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Basically, I have a couple Windows computers on my network that will be running a python script. A different set of configuration options should be used in the script depending on which computer is running this script.

How would I get that computer name in the python script?

Let's say the script was running on a computer named DARK-TOWER, I'd like to write something like this:

>>> python.library.getComputerName()
'DARK-TOWER'

Is there a standard or third party library I can use?

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5 Answers 5

up vote 53 down vote accepted

I know it's in poor taste to post an answer to your own question, but it turns out there are three options (including the two already answered earlier):

>>> import platform
>>> import socket
>>> import os
>>> platform.node()
'DARK-TOWER'
>>> socket.gethostname()
'DARK-TOWER'
>>> os.environ['COMPUTERNAME']
'DARK-TOWER'
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9  
Answering one's own question may be considered poor taste by some, but it is perfectly fine, as per the FAQ: stackoverflow.com/faq –  Stephan202 Apr 28 '09 at 21:02
2  
I don't think it's bad at all, since Eric was compiling a few different responses into a single resource, not to mention adding a new one (platform). –  nilamo Apr 28 '09 at 21:31
2  
ok, so this cries out for a follow-up: what's the difference between platform.node() and socket.gethostname() ? can they ever be different? –  Jason S Mar 11 '11 at 22:52
3  
On posix systems, socket.gethostname() returns the libc gethostname(), while platform.node() returns platform.uname()[1] which is somewhat related to os.uname() which calls the libc uname()... It looks like they might end up in the same place, but they take quite different paths to get there and I wouldn't be relying on the value to be the same across different platforms. –  Peter Gibson May 24 '12 at 8:17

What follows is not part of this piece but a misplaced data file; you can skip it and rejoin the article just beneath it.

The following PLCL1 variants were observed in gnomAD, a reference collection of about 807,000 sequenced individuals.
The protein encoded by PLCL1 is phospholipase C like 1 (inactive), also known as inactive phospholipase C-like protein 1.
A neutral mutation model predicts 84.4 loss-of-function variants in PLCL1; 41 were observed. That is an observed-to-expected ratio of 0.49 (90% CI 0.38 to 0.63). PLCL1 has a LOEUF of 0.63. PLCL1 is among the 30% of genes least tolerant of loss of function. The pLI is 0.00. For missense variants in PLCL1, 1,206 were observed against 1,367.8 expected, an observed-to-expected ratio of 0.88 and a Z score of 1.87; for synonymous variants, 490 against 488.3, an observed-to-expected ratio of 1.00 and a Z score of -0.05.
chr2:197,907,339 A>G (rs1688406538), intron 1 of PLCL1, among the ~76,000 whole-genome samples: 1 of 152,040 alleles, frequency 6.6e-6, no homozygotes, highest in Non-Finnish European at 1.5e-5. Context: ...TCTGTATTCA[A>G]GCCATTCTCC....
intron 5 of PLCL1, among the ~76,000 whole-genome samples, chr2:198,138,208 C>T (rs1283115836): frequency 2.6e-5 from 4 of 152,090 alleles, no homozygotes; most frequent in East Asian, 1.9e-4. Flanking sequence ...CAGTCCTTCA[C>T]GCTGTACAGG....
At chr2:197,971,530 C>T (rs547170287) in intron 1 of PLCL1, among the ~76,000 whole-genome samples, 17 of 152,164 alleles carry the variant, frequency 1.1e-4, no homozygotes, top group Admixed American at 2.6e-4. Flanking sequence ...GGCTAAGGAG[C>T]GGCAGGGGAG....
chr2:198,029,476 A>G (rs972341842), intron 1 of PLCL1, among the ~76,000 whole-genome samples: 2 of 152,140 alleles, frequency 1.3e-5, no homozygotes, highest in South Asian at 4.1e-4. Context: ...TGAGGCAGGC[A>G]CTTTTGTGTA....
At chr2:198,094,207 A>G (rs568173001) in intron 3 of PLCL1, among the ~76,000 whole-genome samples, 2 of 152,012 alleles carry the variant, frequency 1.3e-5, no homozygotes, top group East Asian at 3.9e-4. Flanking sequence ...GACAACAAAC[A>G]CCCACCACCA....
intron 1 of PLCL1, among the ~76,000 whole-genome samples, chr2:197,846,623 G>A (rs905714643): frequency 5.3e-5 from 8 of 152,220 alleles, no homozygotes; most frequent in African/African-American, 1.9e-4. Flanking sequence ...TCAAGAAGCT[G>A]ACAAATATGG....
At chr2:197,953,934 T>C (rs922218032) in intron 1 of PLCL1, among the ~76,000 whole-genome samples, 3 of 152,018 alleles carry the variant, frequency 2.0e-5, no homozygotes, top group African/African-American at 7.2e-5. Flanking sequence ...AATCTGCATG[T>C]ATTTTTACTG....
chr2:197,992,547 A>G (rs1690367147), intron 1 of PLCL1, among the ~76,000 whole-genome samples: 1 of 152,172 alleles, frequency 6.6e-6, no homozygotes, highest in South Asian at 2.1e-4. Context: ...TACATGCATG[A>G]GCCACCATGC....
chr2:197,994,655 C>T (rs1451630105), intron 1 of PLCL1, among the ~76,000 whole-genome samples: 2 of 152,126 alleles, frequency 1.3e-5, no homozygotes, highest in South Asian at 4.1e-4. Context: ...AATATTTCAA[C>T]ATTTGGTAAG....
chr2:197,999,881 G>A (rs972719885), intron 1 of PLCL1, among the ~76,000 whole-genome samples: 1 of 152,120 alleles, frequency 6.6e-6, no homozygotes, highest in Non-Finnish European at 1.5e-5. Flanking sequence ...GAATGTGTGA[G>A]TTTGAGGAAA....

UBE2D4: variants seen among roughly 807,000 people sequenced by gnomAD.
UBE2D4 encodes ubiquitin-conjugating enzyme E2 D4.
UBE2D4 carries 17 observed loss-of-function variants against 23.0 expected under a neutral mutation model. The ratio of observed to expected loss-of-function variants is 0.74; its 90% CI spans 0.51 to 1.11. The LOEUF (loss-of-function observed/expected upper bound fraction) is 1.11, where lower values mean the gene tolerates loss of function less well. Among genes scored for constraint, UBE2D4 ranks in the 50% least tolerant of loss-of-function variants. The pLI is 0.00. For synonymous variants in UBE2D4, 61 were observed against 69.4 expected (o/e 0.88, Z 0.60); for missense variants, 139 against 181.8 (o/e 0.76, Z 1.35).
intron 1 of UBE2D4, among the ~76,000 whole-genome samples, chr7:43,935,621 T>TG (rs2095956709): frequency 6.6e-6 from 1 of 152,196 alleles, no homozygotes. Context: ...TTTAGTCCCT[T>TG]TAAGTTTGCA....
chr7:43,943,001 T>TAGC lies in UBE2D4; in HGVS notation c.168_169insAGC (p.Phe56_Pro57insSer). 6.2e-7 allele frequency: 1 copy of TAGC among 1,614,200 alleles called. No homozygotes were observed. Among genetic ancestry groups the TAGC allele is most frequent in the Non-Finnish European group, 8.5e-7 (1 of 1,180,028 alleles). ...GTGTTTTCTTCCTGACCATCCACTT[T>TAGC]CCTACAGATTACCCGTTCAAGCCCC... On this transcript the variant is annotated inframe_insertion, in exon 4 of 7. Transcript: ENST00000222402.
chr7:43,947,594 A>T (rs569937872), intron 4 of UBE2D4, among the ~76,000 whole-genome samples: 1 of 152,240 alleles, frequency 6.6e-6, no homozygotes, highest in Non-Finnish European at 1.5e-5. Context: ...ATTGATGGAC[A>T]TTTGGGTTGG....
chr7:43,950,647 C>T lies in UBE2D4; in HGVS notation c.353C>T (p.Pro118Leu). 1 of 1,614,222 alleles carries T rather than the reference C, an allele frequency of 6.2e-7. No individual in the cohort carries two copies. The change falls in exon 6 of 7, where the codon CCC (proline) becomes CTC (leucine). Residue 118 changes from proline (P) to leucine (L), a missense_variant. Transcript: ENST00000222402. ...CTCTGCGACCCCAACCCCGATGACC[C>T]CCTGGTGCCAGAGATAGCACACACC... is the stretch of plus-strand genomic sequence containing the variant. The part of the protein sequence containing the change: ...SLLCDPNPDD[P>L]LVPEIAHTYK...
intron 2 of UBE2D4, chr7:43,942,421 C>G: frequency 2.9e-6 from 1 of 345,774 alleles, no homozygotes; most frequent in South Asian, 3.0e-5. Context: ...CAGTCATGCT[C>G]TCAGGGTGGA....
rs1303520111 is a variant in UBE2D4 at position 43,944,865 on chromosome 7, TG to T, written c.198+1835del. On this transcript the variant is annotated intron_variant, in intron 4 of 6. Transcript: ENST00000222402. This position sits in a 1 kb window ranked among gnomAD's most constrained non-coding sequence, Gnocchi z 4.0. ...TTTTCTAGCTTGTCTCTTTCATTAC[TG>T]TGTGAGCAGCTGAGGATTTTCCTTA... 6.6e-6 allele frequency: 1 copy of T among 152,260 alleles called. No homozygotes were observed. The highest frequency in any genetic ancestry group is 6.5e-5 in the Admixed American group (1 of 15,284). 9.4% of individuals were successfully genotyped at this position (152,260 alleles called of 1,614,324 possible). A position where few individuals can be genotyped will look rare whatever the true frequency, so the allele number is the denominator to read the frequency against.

On one side it wasn't one second answer, on the other side you got 3 to 4 perfectly acceptable answers before you did yours. –  Kobor42 Feb 16 at 11:49
import socket
socket.gethostname()
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1  
+1 for this being the best way to go. It's the most effective cross-platform call. –  joshin4colours Oct 15 '12 at 18:44

From http://mail.python.org/pipermail/python-list/2006-April/552293.html

import os
os.getenv('COMPUTERNAME')
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3  
Thank you everyone for your answers. They all work fine, so I picked the person with the lowest rating. –  Eric Palakovich Carr Apr 28 '09 at 20:59
3  
This doesn't work for me on OS-X 10.6.8 using Python 2.7.2, it returns None. The other methods described do work however. –  Peter Gibson Aug 28 '11 at 11:16
1  
@PeterGibson I had the same thing occurring to me on Ubuntu 12.04. –  Daniel F. May 18 '12 at 12:27
2  
@EricPalakovichCarr, I would suggest removing this as the accepted answer due to not working on some platforms. –  Peter Gibson May 25 '12 at 3:22
1  
Good catch, guys. I've marked mine as the answer now. –  Eric Palakovich Carr May 25 '12 at 11:26

I bet gethostname will work beautifully.

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Promit from GameDev? Thanks for the answer :) –  Eric Palakovich Carr Apr 28 '09 at 21:02
1  
The very same. I got enough answers from SO that I thought I should contribute. –  Promit Apr 28 '09 at 22:21

Since the python scrips are for sure running on a windows system, you should use the Win32 API GetComputerName or GetComputerNameEx

You can get the fully qualified DNS name, or NETBIOS name, or a variety of different things.

import win32api
win32api.GetComputerName()

>>'MYNAME'

Or:

import win32api
WIN32_ComputerNameDnsHostname = 1 
win32api.GetComputerNameEx(WIN32_ComputerNameDnsHostname)

>> u'MYNAME'
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